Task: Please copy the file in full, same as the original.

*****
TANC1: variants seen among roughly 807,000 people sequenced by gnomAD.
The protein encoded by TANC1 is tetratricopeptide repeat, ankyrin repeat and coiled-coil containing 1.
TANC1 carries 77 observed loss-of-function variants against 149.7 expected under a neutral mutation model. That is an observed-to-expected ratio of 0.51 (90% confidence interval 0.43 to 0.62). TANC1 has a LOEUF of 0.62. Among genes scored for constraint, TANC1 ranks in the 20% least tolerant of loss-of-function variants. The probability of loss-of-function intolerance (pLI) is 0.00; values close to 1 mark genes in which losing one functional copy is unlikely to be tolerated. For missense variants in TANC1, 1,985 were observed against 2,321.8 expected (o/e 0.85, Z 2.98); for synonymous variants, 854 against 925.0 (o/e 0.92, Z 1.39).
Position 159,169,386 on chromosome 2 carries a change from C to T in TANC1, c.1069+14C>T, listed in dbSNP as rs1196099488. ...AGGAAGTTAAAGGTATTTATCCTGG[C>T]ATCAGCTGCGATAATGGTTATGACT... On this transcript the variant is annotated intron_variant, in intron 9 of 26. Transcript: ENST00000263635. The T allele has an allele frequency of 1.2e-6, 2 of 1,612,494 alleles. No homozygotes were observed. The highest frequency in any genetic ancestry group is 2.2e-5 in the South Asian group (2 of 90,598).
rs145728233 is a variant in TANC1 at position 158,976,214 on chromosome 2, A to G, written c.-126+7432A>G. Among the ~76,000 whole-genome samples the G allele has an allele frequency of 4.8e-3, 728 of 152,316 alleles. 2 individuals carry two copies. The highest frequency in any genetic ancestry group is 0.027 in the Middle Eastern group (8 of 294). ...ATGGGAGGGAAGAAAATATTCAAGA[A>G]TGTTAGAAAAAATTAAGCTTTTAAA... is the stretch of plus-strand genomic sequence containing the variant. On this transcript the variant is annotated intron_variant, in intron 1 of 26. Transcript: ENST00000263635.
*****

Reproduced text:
TANC1: variants seen among roughly 807,000 people sequenced by gnomAD.
The protein encoded by TANC1 is tetratricopeptide repeat, ankyrin repeat and coiled-coil containing 1.
TANC1 carries 77 observed loss-of-function variants against 149.7 expected under a neutral mutation model. That is an observed-to-expected ratio of 0.51 (90% confidence interval 0.43 to 0.62). TANC1 has a LOEUF of 0.62. Among genes scored for constraint, TANC1 ranks in the 20% least tolerant of loss-of-function variants. The probability of loss-of-function intolerance (pLI) is 0.00; values close to 1 mark genes in which losing one functional copy is unlikely to be tolerated. For missense variants in TANC1, 1,985 were observed against 2,321.8 expected (o/e 0.85, Z 2.98); for synonymous variants, 854 against 925.0 (o/e 0.92, Z 1.39).
Position 159,169,386 on chromosome 2 carries a change from C to T in TANC1, c.1069+14C>T, listed in dbSNP as rs1196099488. ...AGGAAGTTAAAGGTATTTATCCTGG[C>T]ATCAGCTGCGATAATGGTTATGACT... On this transcript the variant is annotated intron_variant, in intron 9 of 26. Transcript: ENST00000263635. The T allele has an allele frequency of 1.2e-6, 2 of 1,612,494 alleles. No homozygotes were observed. The highest frequency in any genetic ancestry group is 2.2e-5 in the South Asian group (2 of 90,598).
rs145728233 is a variant in TANC1 at position 158,976,214 on chromosome 2, A to G, written c.-126+7432A>G. Among the ~76,000 whole-genome samples the G allele has an allele frequency of 4.8e-3, 728 of 152,316 alleles. 2 individuals carry two copies. The highest frequency in any genetic ancestry group is 0.027 in the Middle Eastern group (8 of 294). ...ATGGGAGGGAAGAAAATATTCAAGA[A>G]TGTTAGAAAAAATTAAGCTTTTAAA... is the stretch of plus-strand genomic sequence containing the variant. On this transcript the variant is annotated intron_variant, in intron 1 of 26. Transcript: ENST00000263635.